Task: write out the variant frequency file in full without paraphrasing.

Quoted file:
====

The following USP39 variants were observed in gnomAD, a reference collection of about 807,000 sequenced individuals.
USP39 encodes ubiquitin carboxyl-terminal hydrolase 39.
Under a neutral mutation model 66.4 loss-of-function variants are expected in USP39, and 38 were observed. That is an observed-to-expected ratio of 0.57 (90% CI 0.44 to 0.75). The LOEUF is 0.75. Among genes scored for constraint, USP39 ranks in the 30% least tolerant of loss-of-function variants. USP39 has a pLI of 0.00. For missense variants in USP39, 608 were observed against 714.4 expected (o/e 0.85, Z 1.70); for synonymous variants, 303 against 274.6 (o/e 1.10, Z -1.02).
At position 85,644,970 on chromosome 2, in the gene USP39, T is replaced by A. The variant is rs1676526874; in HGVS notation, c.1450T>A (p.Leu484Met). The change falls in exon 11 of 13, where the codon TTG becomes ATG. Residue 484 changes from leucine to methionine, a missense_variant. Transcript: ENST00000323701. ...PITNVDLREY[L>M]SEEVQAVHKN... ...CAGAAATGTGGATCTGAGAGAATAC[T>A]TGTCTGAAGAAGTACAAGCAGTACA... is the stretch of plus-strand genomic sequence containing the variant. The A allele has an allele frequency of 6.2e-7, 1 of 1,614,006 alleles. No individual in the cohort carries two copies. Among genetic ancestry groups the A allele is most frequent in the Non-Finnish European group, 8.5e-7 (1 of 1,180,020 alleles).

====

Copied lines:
The following USP39 variants were observed in gnomAD, a reference collection of about 807,000 sequenced individuals.
USP39 encodes ubiquitin carboxyl-terminal hydrolase 39.
Under a neutral mutation model 66.4 loss-of-function variants are expected in USP39, and 38 were observed. That is an observed-to-expected ratio of 0.57 (90% CI 0.44 to 0.75). The LOEUF is 0.75. Among genes scored for constraint, USP39 ranks in the 30% least tolerant of loss-of-function variants. USP39 has a pLI of 0.00. For missense variants in USP39, 608 were observed against 714.4 expected (o/e 0.85, Z 1.70); for synonymous variants, 303 against 274.6 (o/e 1.10, Z -1.02).
At position 85,644,970 on chromosome 2, in the gene USP39, T is replaced by A. The variant is rs1676526874; in HGVS notation, c.1450T>A (p.Leu484Met). The change falls in exon 11 of 13, where the codon TTG becomes ATG. Residue 484 changes from leucine to methionine, a missense_variant. Transcript: ENST00000323701. ...PITNVDLREY[L>M]SEEVQAVHKN... ...CAGAAATGTGGATCTGAGAGAATAC[T>A]TGTCTGAAGAAGTACAAGCAGTACA... is the stretch of plus-strand genomic sequence containing the variant. The A allele has an allele frequency of 6.2e-7, 1 of 1,614,006 alleles. No individual in the cohort carries two copies. Among genetic ancestry groups the A allele is most frequent in the Non-Finnish European group, 8.5e-7 (1 of 1,180,020 alleles).